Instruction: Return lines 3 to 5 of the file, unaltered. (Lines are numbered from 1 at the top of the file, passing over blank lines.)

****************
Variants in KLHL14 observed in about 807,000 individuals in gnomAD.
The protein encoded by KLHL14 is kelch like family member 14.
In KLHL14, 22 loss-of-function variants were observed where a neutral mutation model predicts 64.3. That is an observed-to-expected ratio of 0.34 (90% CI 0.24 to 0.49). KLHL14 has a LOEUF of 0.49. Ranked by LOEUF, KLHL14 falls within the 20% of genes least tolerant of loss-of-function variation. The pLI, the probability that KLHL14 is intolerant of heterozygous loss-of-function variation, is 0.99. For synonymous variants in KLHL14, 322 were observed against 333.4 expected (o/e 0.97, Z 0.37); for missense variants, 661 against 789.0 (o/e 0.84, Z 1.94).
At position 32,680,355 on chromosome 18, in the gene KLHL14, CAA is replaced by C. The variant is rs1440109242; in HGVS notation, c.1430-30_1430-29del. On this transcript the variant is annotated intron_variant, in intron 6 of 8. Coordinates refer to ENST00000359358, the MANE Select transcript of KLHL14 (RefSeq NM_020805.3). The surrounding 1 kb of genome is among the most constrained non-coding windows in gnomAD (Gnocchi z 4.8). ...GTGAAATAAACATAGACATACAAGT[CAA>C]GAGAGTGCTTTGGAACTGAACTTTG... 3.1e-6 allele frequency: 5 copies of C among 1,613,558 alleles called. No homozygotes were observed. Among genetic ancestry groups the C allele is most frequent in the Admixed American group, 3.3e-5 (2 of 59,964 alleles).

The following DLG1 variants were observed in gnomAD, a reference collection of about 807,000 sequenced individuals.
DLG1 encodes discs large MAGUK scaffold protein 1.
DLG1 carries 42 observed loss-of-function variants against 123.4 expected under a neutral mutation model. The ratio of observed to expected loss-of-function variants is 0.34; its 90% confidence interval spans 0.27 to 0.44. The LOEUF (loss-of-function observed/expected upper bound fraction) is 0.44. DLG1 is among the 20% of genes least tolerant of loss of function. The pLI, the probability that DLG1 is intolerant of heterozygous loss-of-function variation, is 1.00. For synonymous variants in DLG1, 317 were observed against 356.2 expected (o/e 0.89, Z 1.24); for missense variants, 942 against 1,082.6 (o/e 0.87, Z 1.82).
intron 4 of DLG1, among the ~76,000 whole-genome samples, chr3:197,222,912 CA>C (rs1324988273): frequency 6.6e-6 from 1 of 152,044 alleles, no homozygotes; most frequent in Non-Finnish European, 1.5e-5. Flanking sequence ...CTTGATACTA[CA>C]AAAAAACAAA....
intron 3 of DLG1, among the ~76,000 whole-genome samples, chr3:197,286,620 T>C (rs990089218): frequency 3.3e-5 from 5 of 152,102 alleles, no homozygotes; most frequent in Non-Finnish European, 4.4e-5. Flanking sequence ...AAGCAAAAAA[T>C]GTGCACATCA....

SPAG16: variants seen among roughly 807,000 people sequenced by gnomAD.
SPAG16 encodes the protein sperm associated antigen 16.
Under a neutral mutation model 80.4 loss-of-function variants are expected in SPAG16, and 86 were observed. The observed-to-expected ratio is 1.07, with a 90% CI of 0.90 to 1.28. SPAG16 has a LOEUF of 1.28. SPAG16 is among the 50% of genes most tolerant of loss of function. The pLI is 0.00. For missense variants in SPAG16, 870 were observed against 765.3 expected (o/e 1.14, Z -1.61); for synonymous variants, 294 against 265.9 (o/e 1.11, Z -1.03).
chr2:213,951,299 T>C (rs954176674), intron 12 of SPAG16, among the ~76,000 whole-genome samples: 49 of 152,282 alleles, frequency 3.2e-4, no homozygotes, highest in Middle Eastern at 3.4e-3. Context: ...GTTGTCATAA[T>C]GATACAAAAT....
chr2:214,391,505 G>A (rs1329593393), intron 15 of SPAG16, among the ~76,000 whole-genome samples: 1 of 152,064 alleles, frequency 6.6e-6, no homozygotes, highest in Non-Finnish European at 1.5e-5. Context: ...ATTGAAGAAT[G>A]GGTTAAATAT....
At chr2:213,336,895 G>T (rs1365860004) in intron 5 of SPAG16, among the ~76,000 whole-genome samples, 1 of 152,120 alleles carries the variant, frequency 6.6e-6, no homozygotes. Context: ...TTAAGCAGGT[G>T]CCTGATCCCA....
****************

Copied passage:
In KLHL14, 22 loss-of-function variants were observed where a neutral mutation model predicts 64.3. That is an observed-to-expected ratio of 0.34 (90% CI 0.24 to 0.49). KLHL14 has a LOEUF of 0.49. Ranked by LOEUF, KLHL14 falls within the 20% of genes least tolerant of loss-of-function variation. The pLI, the probability that KLHL14 is intolerant of heterozygous loss-of-function variation, is 0.99. For synonymous variants in KLHL14, 322 were observed against 333.4 expected (o/e 0.97, Z 0.37); for missense variants, 661 against 789.0 (o/e 0.84, Z 1.94).
At position 32,680,355 on chromosome 18, in the gene KLHL14, CAA is replaced by C. The variant is rs1440109242; in HGVS notation, c.1430-30_1430-29del. On this transcript the variant is annotated intron_variant, in intron 6 of 8. Coordinates refer to ENST00000359358, the MANE Select transcript of KLHL14 (RefSeq NM_020805.3). The surrounding 1 kb of genome is among the most constrained non-coding windows in gnomAD (Gnocchi z 4.8). ...GTGAAATAAACATAGACATACAAGT[CAA>C]GAGAGTGCTTTGGAACTGAACTTTG... 3.1e-6 allele frequency: 5 copies of C among 1,613,558 alleles called. No homozygotes were observed. Among genetic ancestry groups the C allele is most frequent in the Admixed American group, 3.3e-5 (2 of 59,964 alleles).

The following DLG1 variants were observed in gnomAD, a reference collection of about 807,000 sequenced individuals.